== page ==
Thursday, Feb 22nd, 2018

A focus on Alzheimer’s

Posted on January 26, 2018 Richard MacKenzie; [email protected]



January is Alzheimer’s Awareness Month and, to that end, Beth Jackson, co-ordinator outreach and education for Guysborough, Antigonish and Pictou counties, for the Alzheimer Society of Nova Scotia, will be conducting a public session, Jan. 26, at the People’s Place Library.
Titled 10 Symptoms and Strategies, the session is described as a video discussion, with refreshments to follow, and will go from 6 to 7 p.m. in the library’s community room.
Linda Bird is the director of programs and services for the society and she talked about the message – ‘let us help you understand’ – they’ve adopted for this year’s awareness month.
“Often we think about people in the later stages of the disease, we don’t think about people in the early stages, and many people in the early stages are aware they have a diagnosis and can help educate us about what it’s like to live with the disease,” Bird said, in talking to the Casket Jan. 16.
“What they find helpful or hurtful living with the disease. Not everyone can, but those who can and are willing to share their private story with us; it’s a real gift that they can help educate the rest of us about what it’s like to live with the disease.”
Bird talked about the society making a “bigger push” in recent years to increase awareness.
“We’ve done some budgeting, have had some financial support from the government, all to try to create more awareness,” she said. “Ads in the paper, a couple of different TV commercials, through social media, just trying to increase public awareness so people understand what the symptoms are and where to go to for help, if they’re concerned about themselves or someone else.”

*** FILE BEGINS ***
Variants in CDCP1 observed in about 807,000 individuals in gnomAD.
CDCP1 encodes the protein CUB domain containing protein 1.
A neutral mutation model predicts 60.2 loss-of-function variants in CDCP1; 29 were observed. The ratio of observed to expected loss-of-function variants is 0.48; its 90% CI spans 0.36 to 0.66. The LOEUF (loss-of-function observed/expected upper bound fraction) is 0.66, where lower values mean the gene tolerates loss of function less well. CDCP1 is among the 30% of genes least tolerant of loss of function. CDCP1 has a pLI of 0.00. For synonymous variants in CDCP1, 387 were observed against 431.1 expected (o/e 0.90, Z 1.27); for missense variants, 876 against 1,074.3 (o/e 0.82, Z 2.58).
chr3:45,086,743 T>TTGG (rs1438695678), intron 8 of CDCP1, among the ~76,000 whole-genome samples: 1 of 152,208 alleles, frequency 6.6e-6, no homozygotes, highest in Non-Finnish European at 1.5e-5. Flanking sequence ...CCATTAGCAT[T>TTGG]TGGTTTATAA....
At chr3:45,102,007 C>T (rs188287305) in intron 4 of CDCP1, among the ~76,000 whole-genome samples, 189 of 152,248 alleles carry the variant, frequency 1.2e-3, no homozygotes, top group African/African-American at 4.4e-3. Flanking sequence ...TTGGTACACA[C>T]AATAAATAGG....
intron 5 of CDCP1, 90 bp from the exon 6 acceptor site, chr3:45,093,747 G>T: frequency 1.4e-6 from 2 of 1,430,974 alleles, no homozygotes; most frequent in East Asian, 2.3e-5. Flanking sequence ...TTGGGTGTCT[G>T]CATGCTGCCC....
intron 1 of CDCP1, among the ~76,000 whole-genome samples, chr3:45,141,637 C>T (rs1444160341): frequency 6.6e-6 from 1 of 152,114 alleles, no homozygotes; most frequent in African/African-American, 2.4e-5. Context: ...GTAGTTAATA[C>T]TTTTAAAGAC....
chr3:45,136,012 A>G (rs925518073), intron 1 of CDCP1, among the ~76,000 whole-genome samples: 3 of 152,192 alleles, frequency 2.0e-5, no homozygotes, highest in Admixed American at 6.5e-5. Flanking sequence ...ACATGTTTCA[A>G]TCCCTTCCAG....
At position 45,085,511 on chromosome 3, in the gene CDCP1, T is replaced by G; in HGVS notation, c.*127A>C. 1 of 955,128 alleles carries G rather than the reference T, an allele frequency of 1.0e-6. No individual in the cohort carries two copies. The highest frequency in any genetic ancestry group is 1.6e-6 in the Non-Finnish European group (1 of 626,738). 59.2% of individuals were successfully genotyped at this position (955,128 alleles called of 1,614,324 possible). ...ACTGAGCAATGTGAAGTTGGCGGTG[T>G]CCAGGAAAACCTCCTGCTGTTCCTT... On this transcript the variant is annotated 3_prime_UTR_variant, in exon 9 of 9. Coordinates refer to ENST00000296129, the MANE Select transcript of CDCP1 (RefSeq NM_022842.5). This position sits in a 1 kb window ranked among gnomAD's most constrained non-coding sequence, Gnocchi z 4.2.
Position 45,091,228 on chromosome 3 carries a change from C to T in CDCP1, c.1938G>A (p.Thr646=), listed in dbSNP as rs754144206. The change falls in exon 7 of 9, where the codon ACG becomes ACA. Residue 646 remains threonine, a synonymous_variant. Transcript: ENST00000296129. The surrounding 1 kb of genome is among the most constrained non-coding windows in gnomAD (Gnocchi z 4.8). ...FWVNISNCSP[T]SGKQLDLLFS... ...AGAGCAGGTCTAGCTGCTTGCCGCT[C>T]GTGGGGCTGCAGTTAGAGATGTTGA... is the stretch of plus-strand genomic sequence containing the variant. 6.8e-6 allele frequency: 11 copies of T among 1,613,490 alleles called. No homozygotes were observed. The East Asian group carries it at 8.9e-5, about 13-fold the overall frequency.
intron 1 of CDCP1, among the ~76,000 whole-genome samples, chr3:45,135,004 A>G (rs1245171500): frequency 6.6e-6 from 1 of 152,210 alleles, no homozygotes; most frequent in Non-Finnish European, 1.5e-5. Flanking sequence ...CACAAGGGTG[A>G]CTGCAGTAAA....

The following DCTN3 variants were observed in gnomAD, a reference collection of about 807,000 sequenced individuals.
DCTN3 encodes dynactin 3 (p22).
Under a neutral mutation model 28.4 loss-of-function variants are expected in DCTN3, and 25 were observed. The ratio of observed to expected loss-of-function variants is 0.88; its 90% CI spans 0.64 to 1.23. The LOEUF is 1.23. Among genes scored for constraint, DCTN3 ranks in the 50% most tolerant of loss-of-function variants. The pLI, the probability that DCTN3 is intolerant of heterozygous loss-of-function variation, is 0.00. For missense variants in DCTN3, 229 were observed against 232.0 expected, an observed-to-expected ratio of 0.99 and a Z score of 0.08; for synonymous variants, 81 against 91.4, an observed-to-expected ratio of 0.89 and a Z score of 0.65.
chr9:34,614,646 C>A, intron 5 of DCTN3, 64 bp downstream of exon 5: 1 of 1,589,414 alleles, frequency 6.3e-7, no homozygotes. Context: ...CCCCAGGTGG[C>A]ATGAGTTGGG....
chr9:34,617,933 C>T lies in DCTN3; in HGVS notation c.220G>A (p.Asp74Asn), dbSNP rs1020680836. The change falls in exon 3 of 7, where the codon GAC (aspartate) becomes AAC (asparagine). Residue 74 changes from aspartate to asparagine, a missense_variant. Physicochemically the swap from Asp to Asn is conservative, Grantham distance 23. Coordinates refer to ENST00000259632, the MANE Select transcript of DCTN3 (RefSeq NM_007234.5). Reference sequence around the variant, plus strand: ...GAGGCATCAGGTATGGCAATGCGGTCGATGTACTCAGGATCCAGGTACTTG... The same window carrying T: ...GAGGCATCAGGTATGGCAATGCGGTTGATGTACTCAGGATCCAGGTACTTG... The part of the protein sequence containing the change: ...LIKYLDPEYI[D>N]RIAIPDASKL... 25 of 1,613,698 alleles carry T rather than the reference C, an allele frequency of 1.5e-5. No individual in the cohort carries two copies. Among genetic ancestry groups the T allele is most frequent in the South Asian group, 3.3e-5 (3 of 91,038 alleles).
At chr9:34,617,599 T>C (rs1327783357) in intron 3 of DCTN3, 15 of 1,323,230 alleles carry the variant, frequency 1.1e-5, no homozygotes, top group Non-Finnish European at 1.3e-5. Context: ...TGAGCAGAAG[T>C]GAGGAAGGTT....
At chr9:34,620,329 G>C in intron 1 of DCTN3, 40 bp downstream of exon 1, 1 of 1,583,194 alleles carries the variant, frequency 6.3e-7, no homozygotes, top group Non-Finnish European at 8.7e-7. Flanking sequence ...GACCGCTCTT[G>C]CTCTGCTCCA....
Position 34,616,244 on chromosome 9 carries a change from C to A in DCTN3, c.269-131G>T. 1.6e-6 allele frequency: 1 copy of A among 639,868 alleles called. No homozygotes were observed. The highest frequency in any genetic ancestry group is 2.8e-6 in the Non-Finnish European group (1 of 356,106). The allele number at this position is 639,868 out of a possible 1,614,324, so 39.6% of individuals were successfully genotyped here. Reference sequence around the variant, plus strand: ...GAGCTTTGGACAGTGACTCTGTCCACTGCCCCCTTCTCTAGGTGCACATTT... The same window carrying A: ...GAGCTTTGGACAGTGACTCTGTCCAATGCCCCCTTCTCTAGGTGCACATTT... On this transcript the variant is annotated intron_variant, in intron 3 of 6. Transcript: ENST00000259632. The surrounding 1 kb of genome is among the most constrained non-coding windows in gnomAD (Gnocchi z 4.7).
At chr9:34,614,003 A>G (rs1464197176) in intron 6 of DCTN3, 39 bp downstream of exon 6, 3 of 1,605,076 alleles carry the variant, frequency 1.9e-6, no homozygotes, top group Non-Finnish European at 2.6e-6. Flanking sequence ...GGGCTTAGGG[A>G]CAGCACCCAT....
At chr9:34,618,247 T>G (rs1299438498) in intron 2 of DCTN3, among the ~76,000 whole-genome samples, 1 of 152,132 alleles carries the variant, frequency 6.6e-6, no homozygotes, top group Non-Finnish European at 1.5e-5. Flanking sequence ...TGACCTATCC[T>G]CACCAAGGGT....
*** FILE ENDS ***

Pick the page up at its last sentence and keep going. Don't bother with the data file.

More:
Bird noted the society adding to their resources to help people understand the disease and some avenues to deal with it, for themselves or a loved one.
“Our main goal here at the society is to provide information, education and support,” she said. “We do this through a number of different ways and we’re with people through the entire process of the disease.
“So, in the best case scenario, if people are worried about it; their own memory or someone in their family, or they just went to the doctor recently and had it diagnosed, if they connect with us we can help provide information as they go through this. Connect them to support groups, public presentations, specialized education series, and programs, perhaps, depending on where they’re living, for people living with the disease. Give them the knowledge they need, at the time, to help them live well and make informed decisions that best fit their particular family.”
For more on the Jan. 26 session coming up at the library, contact Jackson at [email protected] or at 902-867-7683.

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